Two major events in George Washington's military career, which happened seven years apart, are associated with Christmas.
Taking those two events in reverse chronological order, the second one did not occur on Christmas Day, but rather on December 23, 1783. That was his announcement, about which I wrote here, that he resigned his commission as commander of the American army, in order to return to Mount Vernon. Due to the timing, it is sometimes called his "Christmas Farewell".
As many historians see it, Washington thereby gave up the opportunity to rule as a military dictator. His action established the principle of civilian supremacy over the military.
The earlier event was his Crossing of the Delaware on December 25, 1776. That set up a surprise attack on the British forces' mercenaries from Hesse, who were encamped at Trenton, New Jersey.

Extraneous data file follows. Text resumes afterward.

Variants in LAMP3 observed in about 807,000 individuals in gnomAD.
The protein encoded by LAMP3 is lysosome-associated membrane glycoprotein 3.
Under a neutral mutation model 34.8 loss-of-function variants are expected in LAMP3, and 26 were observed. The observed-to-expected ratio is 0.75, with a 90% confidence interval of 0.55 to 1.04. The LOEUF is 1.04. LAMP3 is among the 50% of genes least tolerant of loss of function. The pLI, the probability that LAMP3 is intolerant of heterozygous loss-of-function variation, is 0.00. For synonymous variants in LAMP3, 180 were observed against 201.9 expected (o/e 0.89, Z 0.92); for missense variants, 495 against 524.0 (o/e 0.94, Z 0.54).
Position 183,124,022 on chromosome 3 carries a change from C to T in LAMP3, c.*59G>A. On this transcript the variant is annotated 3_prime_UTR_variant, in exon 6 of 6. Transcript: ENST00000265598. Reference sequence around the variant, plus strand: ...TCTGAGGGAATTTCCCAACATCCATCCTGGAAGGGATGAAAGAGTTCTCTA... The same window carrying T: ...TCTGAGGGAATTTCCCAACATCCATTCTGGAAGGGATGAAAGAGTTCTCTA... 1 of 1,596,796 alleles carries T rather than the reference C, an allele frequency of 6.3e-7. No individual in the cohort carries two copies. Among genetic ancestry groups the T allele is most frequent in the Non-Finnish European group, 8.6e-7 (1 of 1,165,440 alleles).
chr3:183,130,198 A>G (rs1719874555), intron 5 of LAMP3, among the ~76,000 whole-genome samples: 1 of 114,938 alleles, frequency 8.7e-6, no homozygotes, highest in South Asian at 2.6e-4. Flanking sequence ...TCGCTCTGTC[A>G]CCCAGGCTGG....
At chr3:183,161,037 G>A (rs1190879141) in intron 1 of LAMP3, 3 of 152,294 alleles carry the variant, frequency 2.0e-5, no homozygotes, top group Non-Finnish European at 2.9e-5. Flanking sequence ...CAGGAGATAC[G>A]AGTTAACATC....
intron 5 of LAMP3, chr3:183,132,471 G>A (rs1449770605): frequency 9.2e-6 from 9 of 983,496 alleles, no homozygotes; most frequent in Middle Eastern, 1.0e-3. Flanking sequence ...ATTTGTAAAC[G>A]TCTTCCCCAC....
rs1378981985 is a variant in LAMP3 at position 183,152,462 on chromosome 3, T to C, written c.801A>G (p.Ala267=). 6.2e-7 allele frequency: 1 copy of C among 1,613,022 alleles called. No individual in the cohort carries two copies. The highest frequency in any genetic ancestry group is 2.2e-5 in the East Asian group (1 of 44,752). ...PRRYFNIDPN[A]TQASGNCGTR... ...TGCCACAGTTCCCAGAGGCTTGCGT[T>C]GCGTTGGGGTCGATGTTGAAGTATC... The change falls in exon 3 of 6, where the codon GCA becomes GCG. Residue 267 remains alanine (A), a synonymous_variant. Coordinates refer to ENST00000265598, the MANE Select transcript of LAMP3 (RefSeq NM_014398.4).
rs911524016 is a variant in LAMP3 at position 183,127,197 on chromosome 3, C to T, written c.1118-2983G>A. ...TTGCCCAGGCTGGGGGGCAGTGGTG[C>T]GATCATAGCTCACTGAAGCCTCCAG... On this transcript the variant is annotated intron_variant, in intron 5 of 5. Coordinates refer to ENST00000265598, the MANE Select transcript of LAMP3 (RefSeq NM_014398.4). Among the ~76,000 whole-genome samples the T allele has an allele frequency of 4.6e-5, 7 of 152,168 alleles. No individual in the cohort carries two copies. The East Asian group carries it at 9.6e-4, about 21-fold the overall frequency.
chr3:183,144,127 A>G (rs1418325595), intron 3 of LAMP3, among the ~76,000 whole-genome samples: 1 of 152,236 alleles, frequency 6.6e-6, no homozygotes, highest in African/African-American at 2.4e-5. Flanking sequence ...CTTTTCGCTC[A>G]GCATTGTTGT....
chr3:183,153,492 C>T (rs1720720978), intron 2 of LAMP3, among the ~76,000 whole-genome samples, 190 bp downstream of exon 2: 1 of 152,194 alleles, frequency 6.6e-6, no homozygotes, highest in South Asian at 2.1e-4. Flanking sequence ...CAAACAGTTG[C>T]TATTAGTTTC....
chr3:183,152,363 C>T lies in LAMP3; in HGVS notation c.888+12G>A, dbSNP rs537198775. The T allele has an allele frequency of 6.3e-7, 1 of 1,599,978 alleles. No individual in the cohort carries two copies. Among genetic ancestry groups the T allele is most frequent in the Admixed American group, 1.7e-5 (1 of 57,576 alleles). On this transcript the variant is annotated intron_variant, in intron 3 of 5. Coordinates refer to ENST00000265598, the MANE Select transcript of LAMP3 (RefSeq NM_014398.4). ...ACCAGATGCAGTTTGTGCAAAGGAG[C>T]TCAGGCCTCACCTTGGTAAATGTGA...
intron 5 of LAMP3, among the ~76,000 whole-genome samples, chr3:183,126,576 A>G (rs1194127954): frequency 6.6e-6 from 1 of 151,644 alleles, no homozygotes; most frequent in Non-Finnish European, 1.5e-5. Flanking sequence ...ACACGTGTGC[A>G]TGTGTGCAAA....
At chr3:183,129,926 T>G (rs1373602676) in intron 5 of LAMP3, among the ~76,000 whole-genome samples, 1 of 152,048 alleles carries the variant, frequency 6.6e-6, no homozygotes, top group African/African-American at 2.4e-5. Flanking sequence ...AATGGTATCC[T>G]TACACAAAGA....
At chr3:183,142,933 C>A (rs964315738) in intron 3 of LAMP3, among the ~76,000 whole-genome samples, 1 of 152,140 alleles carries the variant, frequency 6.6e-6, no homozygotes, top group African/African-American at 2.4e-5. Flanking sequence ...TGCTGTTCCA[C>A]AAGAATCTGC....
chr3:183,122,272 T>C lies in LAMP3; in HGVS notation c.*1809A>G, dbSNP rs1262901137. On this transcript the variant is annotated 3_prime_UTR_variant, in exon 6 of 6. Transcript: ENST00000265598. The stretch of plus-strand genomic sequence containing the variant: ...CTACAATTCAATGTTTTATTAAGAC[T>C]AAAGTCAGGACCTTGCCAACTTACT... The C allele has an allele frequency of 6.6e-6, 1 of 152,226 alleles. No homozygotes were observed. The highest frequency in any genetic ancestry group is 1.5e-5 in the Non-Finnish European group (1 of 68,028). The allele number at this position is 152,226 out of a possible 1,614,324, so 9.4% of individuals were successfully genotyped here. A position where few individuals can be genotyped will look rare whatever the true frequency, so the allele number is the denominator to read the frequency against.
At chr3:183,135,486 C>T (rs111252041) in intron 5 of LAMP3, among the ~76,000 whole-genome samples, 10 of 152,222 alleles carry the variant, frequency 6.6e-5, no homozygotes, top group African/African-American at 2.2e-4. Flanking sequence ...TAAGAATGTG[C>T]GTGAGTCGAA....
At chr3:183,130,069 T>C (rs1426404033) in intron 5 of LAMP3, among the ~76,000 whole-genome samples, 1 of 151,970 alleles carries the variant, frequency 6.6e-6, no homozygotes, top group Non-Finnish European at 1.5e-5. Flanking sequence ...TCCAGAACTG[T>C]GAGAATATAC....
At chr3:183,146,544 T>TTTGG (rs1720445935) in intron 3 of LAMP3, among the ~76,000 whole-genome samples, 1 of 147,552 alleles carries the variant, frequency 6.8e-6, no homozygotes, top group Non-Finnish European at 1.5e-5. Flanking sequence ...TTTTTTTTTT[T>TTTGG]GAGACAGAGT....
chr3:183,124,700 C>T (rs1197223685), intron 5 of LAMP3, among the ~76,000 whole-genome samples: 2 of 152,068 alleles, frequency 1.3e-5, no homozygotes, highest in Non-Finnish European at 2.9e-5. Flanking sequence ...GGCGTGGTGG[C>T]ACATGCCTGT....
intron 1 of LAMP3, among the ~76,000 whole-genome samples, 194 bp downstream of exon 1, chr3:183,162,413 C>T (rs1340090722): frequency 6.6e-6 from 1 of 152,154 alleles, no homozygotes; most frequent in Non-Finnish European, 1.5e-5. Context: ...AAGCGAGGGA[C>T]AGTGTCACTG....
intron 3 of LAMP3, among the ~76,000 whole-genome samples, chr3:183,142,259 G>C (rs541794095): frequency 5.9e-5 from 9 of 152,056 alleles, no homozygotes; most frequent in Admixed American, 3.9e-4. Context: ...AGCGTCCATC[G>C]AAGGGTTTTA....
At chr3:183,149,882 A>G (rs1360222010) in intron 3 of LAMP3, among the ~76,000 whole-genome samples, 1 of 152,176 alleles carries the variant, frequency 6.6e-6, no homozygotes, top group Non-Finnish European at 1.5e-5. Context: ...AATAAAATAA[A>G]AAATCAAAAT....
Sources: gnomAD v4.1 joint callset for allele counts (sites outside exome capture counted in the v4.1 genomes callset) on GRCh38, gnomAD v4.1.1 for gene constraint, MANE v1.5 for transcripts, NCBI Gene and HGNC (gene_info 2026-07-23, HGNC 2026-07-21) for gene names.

Washington's forces crossed over from Pennsylvania; the Delaware River forms the boundary between Pennsylvania and New Jersey.
Most of us associate that event with a painting by Emanuel Gottlieb Leutze, that is currently in the collection of New York's Metropolitan Museum of Art. Of course, as has been said over and over, the image in the painting cannot be historically accurate. Had they struck such a pose, the boat would have capsized, sending our hero and his soldiers into the icy river. But the heroic pose has cemented this image of the event into our collective national memory.
The victory at Trenton is credited with keeping the American cause alive, at a critical time in the early days of the Revolution.
PBS's website has a page that sets up the background of the battle. And here, a local historical society adds a further description.